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Ralf Rangnick leaves Manchester United disappointed but still disarmingly honest

Ralf Rangnick leaves Manchester United disappointed but still disarmingly honest
Unlike some of his charges, Rangnick is ready to shoulder some of the blame for a disappointing time at Old Trafford

Ralf Rangnick may not have brought much to Manchester United but he has at least lent a disarming honesty. Supporters who did not appreciate results and performances could at least appreciate a willingness to tell it like it is, though a number of his players probably didn’t. If some of his predecessors at Old Trafford – a certain supposedly special Portuguese individual, in particular – played the blame game, Rangnick believes in looking in the mirror first.

His verdict on his time at Old Trafford was not an attempt to duck responsibility. “We could all have done better, including myself. We all have to be as self-critical as we can be,” he said. A few minutes earlier, he had reflected on what he branded his biggest disappointment: a failure to generate the required team spirit. Rangnick proved neither a motivator nor a unifier. As he lamented United’s lack of a winning mentality, it was tempting to draw a comparison with the last German pressing evangelist to pitch up mid-season in the north-west. Jurgen Klopp’s Liverpool became, in their manager’s words, “mentality monsters.” United have been frail and fragile, a team Rangnick believes never really recovered from their Champions League exit to Atletico Madrid, whose last game was a 4-0 capitulation at Brighton.

Even victory at Selhurst Park would mean Rangnick bows out with the lowest win percentage of any United manager since Dave Sexton; lose or draw and it would the worst since Frank O’Farrell. During Sexton’s time at Old Trafford, Rangnick was a student in Sussex. It can feel a shame that, four decades on, a lifelong Anglophile has had so little impact when he finally made it to England to manage.

Rangnick will willingly admit the target was Champions League qualification. He has been reduced to urging United to hold on to a Europa League spot to prevent an undignified slide into the Conference League. He has often described Manchester City and Liverpool as role models. Now he has cited Eintracht Frankfurt, who claimed a Champions League place by winning the Europa League. As Rangnick noted, Frankfurt finished in the lower half of their domestic league, an example United would not be advised to copy.

He leaves a scant legacy to his successor, Erik ten Hag, having been sidelined in much of the hiring process. They have communicated via WhatsApp but Rangnick hopes to finally meet and talk in person, with the Dutchman due at Selhurst Park on Sunday. His consultancy role could borrow from his excellence as a sporting director, improving the recruitment he has rarely been slow in criticising.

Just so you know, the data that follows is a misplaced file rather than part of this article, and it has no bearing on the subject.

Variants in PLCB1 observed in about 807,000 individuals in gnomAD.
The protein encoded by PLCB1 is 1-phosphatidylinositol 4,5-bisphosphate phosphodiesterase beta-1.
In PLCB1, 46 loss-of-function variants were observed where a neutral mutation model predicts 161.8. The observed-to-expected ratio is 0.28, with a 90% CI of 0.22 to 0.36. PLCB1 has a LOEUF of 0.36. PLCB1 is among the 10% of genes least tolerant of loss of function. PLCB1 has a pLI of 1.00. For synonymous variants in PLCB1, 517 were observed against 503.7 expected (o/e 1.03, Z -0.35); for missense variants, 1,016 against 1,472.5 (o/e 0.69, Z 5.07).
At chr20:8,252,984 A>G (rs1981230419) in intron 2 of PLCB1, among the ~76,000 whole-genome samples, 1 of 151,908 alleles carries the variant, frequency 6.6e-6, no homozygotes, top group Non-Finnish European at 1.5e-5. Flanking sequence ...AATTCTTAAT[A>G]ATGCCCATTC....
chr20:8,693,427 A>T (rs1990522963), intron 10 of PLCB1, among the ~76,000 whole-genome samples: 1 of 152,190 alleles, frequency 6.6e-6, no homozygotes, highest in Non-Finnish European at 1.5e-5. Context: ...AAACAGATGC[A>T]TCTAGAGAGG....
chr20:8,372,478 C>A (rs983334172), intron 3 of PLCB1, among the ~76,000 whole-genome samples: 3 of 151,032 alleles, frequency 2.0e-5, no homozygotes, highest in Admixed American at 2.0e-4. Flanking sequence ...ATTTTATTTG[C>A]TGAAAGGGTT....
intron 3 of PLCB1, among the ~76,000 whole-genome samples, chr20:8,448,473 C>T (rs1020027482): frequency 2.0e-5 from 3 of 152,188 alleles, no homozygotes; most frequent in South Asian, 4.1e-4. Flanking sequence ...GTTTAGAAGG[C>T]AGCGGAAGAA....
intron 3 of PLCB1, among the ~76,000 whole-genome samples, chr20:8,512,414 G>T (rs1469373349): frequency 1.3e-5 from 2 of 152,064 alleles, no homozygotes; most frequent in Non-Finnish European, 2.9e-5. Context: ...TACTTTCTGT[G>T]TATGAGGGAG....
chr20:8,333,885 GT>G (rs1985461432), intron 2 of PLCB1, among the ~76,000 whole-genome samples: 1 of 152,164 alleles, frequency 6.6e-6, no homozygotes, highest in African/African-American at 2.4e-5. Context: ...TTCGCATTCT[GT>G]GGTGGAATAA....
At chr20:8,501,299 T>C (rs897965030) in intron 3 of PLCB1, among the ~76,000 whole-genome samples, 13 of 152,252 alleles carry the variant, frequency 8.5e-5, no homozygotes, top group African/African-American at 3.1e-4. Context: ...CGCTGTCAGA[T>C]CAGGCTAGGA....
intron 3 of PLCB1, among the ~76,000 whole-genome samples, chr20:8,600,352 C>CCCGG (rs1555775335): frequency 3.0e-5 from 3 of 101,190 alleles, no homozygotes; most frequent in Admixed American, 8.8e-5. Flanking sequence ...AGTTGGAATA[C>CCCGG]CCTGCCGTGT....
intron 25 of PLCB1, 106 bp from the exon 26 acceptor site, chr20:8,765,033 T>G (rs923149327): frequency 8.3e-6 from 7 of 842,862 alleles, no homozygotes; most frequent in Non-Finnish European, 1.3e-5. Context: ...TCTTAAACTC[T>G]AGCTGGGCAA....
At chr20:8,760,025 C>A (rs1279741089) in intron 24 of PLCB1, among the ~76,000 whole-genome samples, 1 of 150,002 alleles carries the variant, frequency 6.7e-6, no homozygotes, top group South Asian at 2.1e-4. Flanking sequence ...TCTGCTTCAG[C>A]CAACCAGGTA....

“We spoke about the about the different areas I could be of help,” he added. “It is not too difficult to work out where that could be. We showed in the last 15 years, with Hoffenheim, Salzburg and Leipzig, clubs not as prominent as Manchester United, it’s possible to identify, develop and sell players; this is possible and this is what is most important, that the club finds players what the next logical step is in their career.” As opposed to, say, the ageing, the injury prone, the overpriced and those who simply do not fit together.

They formed much of Rangnick’s squad. He argued he at least bequeaths Ten Hag a pre-season to shape a campaign; a man with a long-term vision proved less adept as a short-term trouble-shooter. “My last two tenures with Leipzig, we had an average of 2.0 points per game; we finished third and second in those two periods,” he noted. “Here, unfortunately, although we were on a positive pathway in the first three or four months, we could not keep that permanently and that’s why I’m absolutely disappointed.”

His record currently stands at 1.60 per game; were it 2.0, United would be sandwiched between Tottenham and Arsenal, still in the battle for fourth. Instead, they will finish with their lowest points tally in the Premier League, having conceded more goals than ever before. If he has hit rock bottom, it would at least mean there is only one direction of travel for Ten Hag to take.

“I am positive we will be able to bring this club not just on the right track but to the top,” Rangnick said. “If there is a good thing about that poor season, it is that it is pretty obvious in which areas we need to just make sure it is that it is pretty obvious in which areas we need to just make sure this improvement can happen.”

Those areas involve the transfer market, the team spirit, defence, midfield and attack. The chances are Rangnick will be brutal in his briefing to his successor. He may have served United better as an analyst than a manager. “I made this experience and it is still an experience I would not want to miss,” he said. For once, perhaps he wasn’t being honest. He might not miss managing Manchester United.